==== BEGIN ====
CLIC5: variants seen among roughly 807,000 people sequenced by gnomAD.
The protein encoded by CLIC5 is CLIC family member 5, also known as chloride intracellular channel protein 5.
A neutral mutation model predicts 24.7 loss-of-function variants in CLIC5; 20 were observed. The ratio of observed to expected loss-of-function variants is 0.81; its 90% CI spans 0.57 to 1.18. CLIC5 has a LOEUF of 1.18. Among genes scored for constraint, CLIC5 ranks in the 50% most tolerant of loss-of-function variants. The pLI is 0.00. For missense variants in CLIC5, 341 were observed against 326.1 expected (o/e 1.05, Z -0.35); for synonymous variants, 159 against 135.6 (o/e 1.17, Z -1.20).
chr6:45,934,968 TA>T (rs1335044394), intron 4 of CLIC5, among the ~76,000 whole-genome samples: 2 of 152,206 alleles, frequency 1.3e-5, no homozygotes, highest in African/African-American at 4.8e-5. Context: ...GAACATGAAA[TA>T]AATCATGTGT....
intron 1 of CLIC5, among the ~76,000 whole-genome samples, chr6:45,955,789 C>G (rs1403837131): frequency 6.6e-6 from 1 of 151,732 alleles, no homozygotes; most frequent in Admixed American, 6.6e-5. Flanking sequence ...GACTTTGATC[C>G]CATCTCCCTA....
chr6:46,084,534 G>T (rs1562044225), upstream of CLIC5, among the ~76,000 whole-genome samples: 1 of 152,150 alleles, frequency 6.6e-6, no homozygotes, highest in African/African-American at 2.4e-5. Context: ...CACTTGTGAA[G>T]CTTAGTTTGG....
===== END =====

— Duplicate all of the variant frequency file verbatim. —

CLIC5: variants seen among roughly 807,000 people sequenced by gnomAD.
The protein encoded by CLIC5 is CLIC family member 5, also known as chloride intracellular channel protein 5.
A neutral mutation model predicts 24.7 loss-of-function variants in CLIC5; 20 were observed. The ratio of observed to expected loss-of-function variants is 0.81; its 90% CI spans 0.57 to 1.18. CLIC5 has a LOEUF of 1.18. Among genes scored for constraint, CLIC5 ranks in the 50% most tolerant of loss-of-function variants. The pLI is 0.00. For missense variants in CLIC5, 341 were observed against 326.1 expected (o/e 1.05, Z -0.35); for synonymous variants, 159 against 135.6 (o/e 1.17, Z -1.20).
chr6:45,934,968 TA>T (rs1335044394), intron 4 of CLIC5, among the ~76,000 whole-genome samples: 2 of 152,206 alleles, frequency 1.3e-5, no homozygotes, highest in African/African-American at 4.8e-5. Context: ...GAACATGAAA[TA>T]AATCATGTGT....
intron 1 of CLIC5, among the ~76,000 whole-genome samples, chr6:45,955,789 C>G (rs1403837131): frequency 6.6e-6 from 1 of 151,732 alleles, no homozygotes; most frequent in Admixed American, 6.6e-5. Flanking sequence ...GACTTTGATC[C>G]CATCTCCCTA....
chr6:46,084,534 G>T (rs1562044225), upstream of CLIC5, among the ~76,000 whole-genome samples: 1 of 152,150 alleles, frequency 6.6e-6, no homozygotes, highest in African/African-American at 2.4e-5. Context: ...CACTTGTGAA[G>T]CTTAGTTTGG....